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County wants more data on impact fees

February 10, 1999|By SCOTT BUTKI

The Washington County Commissioners on Tuesday remained noncommittal on the issue of impact fees and a Hopewell Valley assessment district, after hearing a consultant explain why the fees might be a good way for the county to pay for future growth.

"I don't think any of us are ready to commit to it without more knowledge," said Commissioner Paul L. Swartz.

Swartz led Tuesday's meeting in the absence of Commissioners President Gregory I. Snook, who was at a meeting in Washington, D.C.

"We are going to have impact fees. It is just a matter of when," Commissioner John L. Schnebly said.

Commissioner William J. Wivell said he opposes any new taxes, including impact fees. He would prefer cutting county services to imposing new taxes, but said he does not know yet which services he would eliminate.

The prior County Commissioners paid Paul Tischler, owner of Tischler and Associates, Inc. of Bethesda, Md., $115,000 to write a study calculating the cost of growth for the county and to recommend new fees or taxes to help offset those costs. A $40,000 Appalachian Regional Commission grant helped pay for the study.

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Commissioner Bert L. Iseminger could not be reached for comment after the meeting. While he was chairman of the Washington County Planning Commission, he had urged the then- County Commissioners to consider assessing impact fees.

Iseminger said that impact fees are a logical extension of the Adequate Public Facilities Ordinance. The ordinance requires developers to provide information showing adequate road, water, sewage and schools capacity before a project can be approved. The developer must contribute toward any needed improvement.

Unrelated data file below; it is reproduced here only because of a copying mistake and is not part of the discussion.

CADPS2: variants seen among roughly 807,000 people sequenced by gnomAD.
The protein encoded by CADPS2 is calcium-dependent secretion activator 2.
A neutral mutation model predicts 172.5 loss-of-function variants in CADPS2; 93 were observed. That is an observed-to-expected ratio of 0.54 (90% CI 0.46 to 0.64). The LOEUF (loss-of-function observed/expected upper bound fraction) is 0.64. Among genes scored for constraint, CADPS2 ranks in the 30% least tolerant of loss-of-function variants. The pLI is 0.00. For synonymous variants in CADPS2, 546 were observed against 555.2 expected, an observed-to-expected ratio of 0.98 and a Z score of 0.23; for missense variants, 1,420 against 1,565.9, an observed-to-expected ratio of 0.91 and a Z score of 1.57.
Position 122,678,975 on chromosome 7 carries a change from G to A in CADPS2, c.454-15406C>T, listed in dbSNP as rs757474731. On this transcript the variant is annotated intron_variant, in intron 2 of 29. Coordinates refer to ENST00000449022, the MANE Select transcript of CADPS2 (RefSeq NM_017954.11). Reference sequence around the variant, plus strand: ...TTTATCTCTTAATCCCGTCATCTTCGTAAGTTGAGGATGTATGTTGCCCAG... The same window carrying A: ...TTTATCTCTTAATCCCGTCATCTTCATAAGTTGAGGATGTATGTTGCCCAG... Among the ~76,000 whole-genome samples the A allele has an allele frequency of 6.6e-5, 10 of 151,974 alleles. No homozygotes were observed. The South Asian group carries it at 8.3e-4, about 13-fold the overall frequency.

The Maryland General Assembly in 1990 gave the county authority to impose impact fees, but the commissioners did not adopt any such fees.

Iseminger asked for Tischler to make a similar presentation to the Washington County Planning Commission so the commissioners could get its feedback on the issue.

Tischler and Associates has done similar studies and reports in most of the 10 Maryland counties, including Frederick and Carroll counties, that have impact fees.

Impact fees require new development to pay for the costs of new roads, schools and services required to serve that development.

Tischler said the number of counties with assessment districts and impact fees has increased in recent years, partially because the federal government has reduced the amount of money it gives local governments to pay for projects.

"Taxpayers don't understand that," he said.

He said, however, that "Impact fees are becoming more accepted over time."

The report does not recommend a specific amount for each of the three recommended impact fees - school construction, public works equipment replacement and law enforcement vehicle replacement - but rather lists the maximum legal amount the county could charge.

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